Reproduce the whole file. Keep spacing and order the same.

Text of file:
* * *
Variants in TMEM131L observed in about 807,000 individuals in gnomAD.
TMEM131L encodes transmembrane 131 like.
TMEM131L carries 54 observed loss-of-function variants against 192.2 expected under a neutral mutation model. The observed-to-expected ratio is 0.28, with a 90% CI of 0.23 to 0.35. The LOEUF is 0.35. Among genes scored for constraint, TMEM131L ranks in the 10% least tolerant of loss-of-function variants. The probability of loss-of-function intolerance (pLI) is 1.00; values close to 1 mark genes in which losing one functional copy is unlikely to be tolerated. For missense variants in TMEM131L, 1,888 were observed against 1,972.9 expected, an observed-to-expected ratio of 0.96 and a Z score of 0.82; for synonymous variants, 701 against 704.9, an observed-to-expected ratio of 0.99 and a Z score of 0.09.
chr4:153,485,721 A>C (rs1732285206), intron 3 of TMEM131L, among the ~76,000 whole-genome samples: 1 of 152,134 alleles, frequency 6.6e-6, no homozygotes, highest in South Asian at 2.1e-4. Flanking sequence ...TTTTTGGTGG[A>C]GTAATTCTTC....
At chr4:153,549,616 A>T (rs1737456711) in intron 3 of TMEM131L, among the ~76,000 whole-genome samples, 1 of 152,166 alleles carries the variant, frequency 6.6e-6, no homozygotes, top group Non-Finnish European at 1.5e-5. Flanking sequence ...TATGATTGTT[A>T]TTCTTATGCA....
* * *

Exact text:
Variants in TMEM131L observed in about 807,000 individuals in gnomAD.
TMEM131L encodes transmembrane 131 like.
TMEM131L carries 54 observed loss-of-function variants against 192.2 expected under a neutral mutation model. The observed-to-expected ratio is 0.28, with a 90% CI of 0.23 to 0.35. The LOEUF is 0.35. Among genes scored for constraint, TMEM131L ranks in the 10% least tolerant of loss-of-function variants. The probability of loss-of-function intolerance (pLI) is 1.00; values close to 1 mark genes in which losing one functional copy is unlikely to be tolerated. For missense variants in TMEM131L, 1,888 were observed against 1,972.9 expected, an observed-to-expected ratio of 0.96 and a Z score of 0.82; for synonymous variants, 701 against 704.9, an observed-to-expected ratio of 0.99 and a Z score of 0.09.
chr4:153,485,721 A>C (rs1732285206), intron 3 of TMEM131L, among the ~76,000 whole-genome samples: 1 of 152,134 alleles, frequency 6.6e-6, no homozygotes, highest in South Asian at 2.1e-4. Flanking sequence ...TTTTTGGTGG[A>C]GTAATTCTTC....
At chr4:153,549,616 A>T (rs1737456711) in intron 3 of TMEM131L, among the ~76,000 whole-genome samples, 1 of 152,166 alleles carries the variant, frequency 6.6e-6, no homozygotes, top group Non-Finnish European at 1.5e-5. Flanking sequence ...TATGATTGTT[A>T]TTCTTATGCA....